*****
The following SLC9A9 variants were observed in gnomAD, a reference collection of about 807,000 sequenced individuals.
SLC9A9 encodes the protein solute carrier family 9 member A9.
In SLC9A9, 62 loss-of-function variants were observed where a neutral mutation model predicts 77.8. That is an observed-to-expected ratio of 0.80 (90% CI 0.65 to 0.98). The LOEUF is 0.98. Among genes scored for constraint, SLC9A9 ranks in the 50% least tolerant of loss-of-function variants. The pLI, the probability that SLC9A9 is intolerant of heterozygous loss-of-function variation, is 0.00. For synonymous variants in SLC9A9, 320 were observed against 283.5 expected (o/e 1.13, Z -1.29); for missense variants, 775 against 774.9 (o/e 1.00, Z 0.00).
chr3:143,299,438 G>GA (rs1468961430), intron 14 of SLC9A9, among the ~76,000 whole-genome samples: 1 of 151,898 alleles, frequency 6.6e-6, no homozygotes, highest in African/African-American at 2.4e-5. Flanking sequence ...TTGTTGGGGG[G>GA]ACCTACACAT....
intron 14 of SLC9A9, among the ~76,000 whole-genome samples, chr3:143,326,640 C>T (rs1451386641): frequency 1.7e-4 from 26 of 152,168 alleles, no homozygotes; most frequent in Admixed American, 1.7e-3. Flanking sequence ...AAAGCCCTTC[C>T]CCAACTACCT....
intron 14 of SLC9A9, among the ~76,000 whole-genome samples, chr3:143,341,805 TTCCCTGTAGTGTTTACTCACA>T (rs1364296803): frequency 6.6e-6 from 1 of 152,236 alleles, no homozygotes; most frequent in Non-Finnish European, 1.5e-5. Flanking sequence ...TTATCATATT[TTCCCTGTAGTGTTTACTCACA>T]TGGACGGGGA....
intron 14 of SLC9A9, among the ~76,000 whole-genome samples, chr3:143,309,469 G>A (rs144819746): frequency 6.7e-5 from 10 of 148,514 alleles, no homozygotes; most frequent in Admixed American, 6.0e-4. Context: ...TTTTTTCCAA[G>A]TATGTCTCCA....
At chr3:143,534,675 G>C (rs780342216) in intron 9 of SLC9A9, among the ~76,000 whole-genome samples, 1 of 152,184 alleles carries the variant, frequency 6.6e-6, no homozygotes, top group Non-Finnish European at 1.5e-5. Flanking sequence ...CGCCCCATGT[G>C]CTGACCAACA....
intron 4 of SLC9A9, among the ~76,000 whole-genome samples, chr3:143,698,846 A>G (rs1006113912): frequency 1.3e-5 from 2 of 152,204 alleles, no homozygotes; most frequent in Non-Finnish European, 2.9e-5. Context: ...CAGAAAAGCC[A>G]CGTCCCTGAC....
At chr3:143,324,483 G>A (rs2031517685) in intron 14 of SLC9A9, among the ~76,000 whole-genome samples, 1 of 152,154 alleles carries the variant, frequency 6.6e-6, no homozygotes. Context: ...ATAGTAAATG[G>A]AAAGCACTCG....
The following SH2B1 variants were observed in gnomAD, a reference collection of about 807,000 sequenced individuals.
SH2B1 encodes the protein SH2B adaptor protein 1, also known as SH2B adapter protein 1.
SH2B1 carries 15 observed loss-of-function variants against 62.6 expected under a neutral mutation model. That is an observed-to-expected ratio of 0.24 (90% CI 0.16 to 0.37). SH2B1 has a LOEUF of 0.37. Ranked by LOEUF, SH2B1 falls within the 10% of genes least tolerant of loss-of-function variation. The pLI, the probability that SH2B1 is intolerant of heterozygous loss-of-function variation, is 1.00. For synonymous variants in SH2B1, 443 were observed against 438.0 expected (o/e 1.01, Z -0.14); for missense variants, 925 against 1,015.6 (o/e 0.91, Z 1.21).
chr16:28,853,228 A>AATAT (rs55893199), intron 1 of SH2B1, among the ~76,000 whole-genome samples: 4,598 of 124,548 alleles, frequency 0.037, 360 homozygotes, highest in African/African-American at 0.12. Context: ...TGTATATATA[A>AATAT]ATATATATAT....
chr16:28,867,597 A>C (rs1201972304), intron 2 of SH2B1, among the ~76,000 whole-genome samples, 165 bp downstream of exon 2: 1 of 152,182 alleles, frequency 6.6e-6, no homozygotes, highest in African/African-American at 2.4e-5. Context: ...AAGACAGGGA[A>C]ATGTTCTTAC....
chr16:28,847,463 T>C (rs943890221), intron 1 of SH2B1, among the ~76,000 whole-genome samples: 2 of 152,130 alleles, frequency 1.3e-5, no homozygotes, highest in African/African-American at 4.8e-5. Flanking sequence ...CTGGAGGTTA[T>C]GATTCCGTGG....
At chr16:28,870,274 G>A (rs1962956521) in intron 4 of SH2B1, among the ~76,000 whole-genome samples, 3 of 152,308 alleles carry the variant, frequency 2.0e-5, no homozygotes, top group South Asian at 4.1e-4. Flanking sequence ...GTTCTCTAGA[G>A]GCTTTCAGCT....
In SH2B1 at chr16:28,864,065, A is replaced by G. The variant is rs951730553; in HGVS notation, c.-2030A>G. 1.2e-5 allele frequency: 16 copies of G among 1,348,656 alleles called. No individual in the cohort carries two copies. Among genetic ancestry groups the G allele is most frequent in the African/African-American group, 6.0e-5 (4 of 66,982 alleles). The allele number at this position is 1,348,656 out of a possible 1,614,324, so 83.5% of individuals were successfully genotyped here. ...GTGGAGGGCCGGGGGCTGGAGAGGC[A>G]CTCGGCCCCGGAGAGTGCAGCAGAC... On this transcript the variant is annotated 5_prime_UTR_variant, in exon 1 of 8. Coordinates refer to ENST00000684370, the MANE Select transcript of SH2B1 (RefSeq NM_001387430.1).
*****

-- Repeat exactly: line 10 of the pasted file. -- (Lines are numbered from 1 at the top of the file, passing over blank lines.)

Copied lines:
At chr3:143,324,483 G>A (rs2031517685) in intron 14 of SLC9A9, among the ~76,000 whole-genome samples, 1 of 152,154 alleles carries the variant, frequency 6.6e-6, no homozygotes. Context: ...ATAGTAAATG[G>A]AAAGCACTCG....